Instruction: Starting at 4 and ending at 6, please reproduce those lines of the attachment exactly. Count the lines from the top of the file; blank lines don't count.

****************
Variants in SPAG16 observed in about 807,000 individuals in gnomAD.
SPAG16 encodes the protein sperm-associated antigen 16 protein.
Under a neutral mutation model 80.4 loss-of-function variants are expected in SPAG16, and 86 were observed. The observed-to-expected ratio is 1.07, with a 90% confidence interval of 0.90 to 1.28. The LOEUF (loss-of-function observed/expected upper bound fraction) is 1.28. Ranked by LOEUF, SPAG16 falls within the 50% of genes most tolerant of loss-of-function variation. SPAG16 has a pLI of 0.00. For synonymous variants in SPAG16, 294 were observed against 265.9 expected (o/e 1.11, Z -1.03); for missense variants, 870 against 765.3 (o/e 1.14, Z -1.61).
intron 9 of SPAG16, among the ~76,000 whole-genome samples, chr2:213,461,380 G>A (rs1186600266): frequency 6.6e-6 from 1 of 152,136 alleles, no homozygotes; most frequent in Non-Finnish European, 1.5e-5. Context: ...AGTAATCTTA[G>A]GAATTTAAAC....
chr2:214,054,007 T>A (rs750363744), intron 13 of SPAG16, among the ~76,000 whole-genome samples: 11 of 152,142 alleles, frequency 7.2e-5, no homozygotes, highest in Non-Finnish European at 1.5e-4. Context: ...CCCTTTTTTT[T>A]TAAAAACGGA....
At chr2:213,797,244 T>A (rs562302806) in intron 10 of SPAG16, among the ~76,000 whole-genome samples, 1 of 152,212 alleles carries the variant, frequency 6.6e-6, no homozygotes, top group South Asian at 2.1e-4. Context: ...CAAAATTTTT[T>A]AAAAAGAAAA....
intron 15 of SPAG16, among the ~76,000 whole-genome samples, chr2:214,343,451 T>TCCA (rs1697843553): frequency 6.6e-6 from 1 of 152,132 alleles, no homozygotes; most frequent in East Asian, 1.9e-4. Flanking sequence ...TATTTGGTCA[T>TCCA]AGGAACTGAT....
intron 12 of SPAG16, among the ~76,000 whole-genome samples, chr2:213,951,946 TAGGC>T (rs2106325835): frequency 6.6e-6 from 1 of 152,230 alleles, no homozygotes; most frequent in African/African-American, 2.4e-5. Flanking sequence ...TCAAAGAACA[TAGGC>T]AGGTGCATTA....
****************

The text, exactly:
intron 9 of SPAG16, among the ~76,000 whole-genome samples, chr2:213,461,380 G>A (rs1186600266): frequency 6.6e-6 from 1 of 152,136 alleles, no homozygotes; most frequent in Non-Finnish European, 1.5e-5. Context: ...AGTAATCTTA[G>A]GAATTTAAAC....
chr2:214,054,007 T>A (rs750363744), intron 13 of SPAG16, among the ~76,000 whole-genome samples: 11 of 152,142 alleles, frequency 7.2e-5, no homozygotes, highest in Non-Finnish European at 1.5e-4. Context: ...CCCTTTTTTT[T>A]TAAAAACGGA....
At chr2:213,797,244 T>A (rs562302806) in intron 10 of SPAG16, among the ~76,000 whole-genome samples, 1 of 152,212 alleles carries the variant, frequency 6.6e-6, no homozygotes, top group South Asian at 2.1e-4. Context: ...CAAAATTTTT[T>A]AAAAAGAAAA....